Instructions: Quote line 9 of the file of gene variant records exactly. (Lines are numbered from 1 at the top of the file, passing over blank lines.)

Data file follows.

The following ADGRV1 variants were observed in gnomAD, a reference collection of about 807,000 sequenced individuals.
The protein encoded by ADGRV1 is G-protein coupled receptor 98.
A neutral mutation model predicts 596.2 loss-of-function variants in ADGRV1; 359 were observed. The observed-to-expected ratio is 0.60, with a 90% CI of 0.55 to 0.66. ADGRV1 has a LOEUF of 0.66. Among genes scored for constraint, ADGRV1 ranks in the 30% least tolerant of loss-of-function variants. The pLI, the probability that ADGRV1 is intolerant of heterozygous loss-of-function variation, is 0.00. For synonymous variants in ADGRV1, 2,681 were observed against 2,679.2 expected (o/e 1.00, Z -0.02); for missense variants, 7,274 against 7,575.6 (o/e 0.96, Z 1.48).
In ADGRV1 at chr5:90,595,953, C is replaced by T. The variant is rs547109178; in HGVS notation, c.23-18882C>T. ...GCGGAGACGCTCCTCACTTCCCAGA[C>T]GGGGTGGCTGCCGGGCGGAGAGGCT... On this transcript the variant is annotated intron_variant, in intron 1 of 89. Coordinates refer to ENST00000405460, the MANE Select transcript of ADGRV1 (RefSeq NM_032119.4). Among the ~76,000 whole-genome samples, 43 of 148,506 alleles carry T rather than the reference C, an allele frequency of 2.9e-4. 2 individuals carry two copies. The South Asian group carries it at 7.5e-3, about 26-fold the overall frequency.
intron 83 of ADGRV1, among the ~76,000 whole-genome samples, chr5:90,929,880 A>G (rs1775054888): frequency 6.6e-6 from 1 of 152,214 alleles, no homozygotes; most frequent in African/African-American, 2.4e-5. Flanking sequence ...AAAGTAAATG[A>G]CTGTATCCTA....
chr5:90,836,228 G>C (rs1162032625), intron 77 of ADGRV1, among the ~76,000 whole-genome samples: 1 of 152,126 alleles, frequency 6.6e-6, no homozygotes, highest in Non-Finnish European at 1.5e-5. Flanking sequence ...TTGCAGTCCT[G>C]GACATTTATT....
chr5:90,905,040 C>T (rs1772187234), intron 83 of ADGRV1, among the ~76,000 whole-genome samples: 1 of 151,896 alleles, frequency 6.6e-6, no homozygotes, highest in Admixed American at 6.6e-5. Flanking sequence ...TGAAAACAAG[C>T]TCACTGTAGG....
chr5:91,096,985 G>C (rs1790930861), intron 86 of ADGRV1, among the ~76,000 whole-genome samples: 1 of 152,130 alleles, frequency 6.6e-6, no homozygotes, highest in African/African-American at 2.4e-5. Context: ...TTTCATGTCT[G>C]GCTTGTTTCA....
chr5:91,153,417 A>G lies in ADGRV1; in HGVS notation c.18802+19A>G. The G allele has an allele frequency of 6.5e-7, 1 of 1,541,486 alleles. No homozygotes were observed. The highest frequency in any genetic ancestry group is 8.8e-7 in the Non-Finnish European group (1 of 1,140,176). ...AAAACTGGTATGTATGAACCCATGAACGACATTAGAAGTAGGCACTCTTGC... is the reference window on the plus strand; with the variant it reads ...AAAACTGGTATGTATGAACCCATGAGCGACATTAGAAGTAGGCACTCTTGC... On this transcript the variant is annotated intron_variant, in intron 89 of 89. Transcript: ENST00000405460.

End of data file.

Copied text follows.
chr5:91,153,417 A>G lies in ADGRV1; in HGVS notation c.18802+19A>G. The G allele has an allele frequency of 6.5e-7, 1 of 1,541,486 alleles. No homozygotes were observed. The highest frequency in any genetic ancestry group is 8.8e-7 in the Non-Finnish European group (1 of 1,140,176). ...AAAACTGGTATGTATGAACCCATGAACGACATTAGAAGTAGGCACTCTTGC... is the reference window on the plus strand; with the variant it reads ...AAAACTGGTATGTATGAACCCATGAGCGACATTAGAAGTAGGCACTCTTGC... On this transcript the variant is annotated intron_variant, in intron 89 of 89. Transcript: ENST00000405460.